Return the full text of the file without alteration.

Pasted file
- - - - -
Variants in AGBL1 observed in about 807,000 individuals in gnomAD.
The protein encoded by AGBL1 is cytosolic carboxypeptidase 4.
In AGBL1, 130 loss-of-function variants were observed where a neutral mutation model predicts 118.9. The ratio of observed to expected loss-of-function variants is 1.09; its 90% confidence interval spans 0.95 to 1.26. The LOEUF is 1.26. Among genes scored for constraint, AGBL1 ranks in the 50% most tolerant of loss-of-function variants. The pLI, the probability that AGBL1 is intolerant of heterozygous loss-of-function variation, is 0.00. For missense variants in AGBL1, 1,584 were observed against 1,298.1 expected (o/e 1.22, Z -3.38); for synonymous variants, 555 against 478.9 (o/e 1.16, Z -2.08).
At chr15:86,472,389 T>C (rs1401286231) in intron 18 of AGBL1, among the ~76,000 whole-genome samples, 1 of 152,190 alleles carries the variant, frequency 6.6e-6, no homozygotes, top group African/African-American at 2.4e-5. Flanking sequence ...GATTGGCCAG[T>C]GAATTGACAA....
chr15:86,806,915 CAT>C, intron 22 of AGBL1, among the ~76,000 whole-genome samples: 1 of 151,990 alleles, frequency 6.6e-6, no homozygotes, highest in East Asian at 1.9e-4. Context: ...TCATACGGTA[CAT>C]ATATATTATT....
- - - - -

Variants in AGBL1 observed in about 807,000 individuals in gnomAD.
The protein encoded by AGBL1 is cytosolic carboxypeptidase 4.
In AGBL1, 130 loss-of-function variants were observed where a neutral mutation model predicts 118.9. The ratio of observed to expected loss-of-function variants is 1.09; its 90% confidence interval spans 0.95 to 1.26. The LOEUF is 1.26. Among genes scored for constraint, AGBL1 ranks in the 50% most tolerant of loss-of-function variants. The pLI, the probability that AGBL1 is intolerant of heterozygous loss-of-function variation, is 0.00. For missense variants in AGBL1, 1,584 were observed against 1,298.1 expected (o/e 1.22, Z -3.38); for synonymous variants, 555 against 478.9 (o/e 1.16, Z -2.08).
At chr15:86,472,389 T>C (rs1401286231) in intron 18 of AGBL1, among the ~76,000 whole-genome samples, 1 of 152,190 alleles carries the variant, frequency 6.6e-6, no homozygotes, top group African/African-American at 2.4e-5. Flanking sequence ...GATTGGCCAG[T>C]GAATTGACAA....
chr15:86,806,915 CAT>C, intron 22 of AGBL1, among the ~76,000 whole-genome samples: 1 of 151,990 alleles, frequency 6.6e-6, no homozygotes, highest in East Asian at 1.9e-4. Context: ...TCATACGGTA[CAT>C]ATATATTATT....